Blumberg was a transformational leader, orchestrating the law school’s move to its present campus and recruiting top faculty members.
Phillip I. Blumberg, the former Wall Street lawyer whose vision and leadership transformed the campus, faculty, and reputation of the University of Connecticut School of Law during his 10 years as dean, died Feb. 14, 2021, at the age of 101.
Blumberg had built a flourishing practice in mergers and acquisitions on Wall Street when he attended the 25th reunion of his Harvard Law Review officers’ group and concluded that their lives had become too narrow, he told an interviewer in 2009. Shortly thereafter he abruptly changed the direction of his career and became a professor at Boston University Law School. Six years later, in 1974, he was named dean of the University of Connecticut School of Law.
Over the next 10 years, Blumberg recruited top professors from around the nation and orchestrated the law school’s move from a drab and crowded brick building in West Hartford to the imposing former campus of the Hartford Seminary in Hartford’s West End. After he stepped down from the dean’s office in 1984, at the age of 65, he finished his seven-volume scholarly treatise The Law of Corporate Groups.
“I left Wall Street because it was time to do something else,” Blumberg said in 2002. “Half of my friends in the business world said I was crazy; the other half said it was wonderful. They were both right.”
Professor Richard Kay, who also arrived at UConn Law in 1974, remembers a dean with “a spine of steel” whose expectations were high and whose success at improving the law school’s standing remains unmatched.
“Whether dealing with the faculty, the staff, the students, or the administration in Storrs, he made clear that he expected nothing less than the very best we could produce,” Kay says. “We are all now living with the result, a school whose impact on law and legal education is felt not just in Connecticut, but nationally and internationally.”
Blumberg was born Sept. 6, 1919, in Baltimore, Maryland, the son of Lithuanian immigrants. His father, Hyman Blumberg, was a garment worker and a founder of the Amalgamated Clothing Workers of America. Hyman Blumberg became the union’s executive vice president and moved the family to New York, where Phillip attended public school, skipped several grades and entered Harvard College 10 days after his 16th birthday.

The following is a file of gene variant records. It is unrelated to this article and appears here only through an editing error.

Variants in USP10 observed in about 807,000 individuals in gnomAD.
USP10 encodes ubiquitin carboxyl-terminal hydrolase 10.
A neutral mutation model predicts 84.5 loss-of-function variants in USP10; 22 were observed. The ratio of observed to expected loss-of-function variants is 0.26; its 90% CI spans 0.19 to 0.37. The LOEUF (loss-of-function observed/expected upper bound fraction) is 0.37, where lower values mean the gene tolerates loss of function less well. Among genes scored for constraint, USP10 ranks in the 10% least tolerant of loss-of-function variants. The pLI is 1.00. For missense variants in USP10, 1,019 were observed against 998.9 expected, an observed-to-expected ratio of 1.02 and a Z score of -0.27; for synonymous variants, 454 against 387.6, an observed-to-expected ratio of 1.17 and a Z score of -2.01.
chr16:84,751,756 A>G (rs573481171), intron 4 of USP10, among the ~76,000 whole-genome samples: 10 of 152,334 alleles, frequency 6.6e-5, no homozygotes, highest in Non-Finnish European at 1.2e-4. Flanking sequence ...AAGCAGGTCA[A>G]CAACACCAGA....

After earning a bachelor’s degree in government, he went on to Harvard Law School. Before his graduation, magna cum laude, in 1942, Blumberg was invited to clerk for Judge Learned Hand on the U.S. Court of Appeals for the Second Circuit. Instead, he joined the Army Air Corps and served as a judge advocate on circuit among air bases in Great Britain during World War II. He was awarded a Bronze Star for his service. The missed opportunity to clerk for Hand “was trivial by comparison” to the sacrifices of those who lost their lives in the war, Blumberg said in an oral history interview conducted by UConn Law Professor R. Kent Newmyer and Bruce M. Stave in 2009.
After the war, Blumberg worked for two years at a large Wall Street firm and then joined the boutique firm of Szold & Brandwen, later Szold, Brandwen, Meyers & Blumberg. He spent 20 years in a successful and lucrative practice focused on mergers and acquisitions and became president of Federated Mortgage Investors. The realization that it was time to change his career struck suddenly after the Harvard reunion.
“The fellows talked about nothing except who was making the most money in the class,” he later said. The next morning, while shaving, “I looked in the mirror and I said, ‘Blumberg, You’re as bad as all the rest.'”
He took a position in 1968 as a professor at Boston University Law School at a salary equal to one third of his Wall Street earnings and remained there for six years. In 1974, when he was named dean of the UConn School of Law, he said in an interview with The Hartford Courant that his goals were to convert UConn Law from a good law school to a great one, to give law students extensive practical experience, and to attract more minority and female students.
He turned his attention almost immediately to moving the campus from the Asylum Avenue building, which he described as “desperately overcrowded” and, worse, “an unimaginative building, which makes it difficult for students to think largely of themselves and their aspirations.” By 1978 he had wrung $6 million from a reluctant state legislature and Gov. Ella Grasso to buy and renovate the neo-Gothic Hartford Seminary campus in the capital city’s West End. The law school moved there in 1984.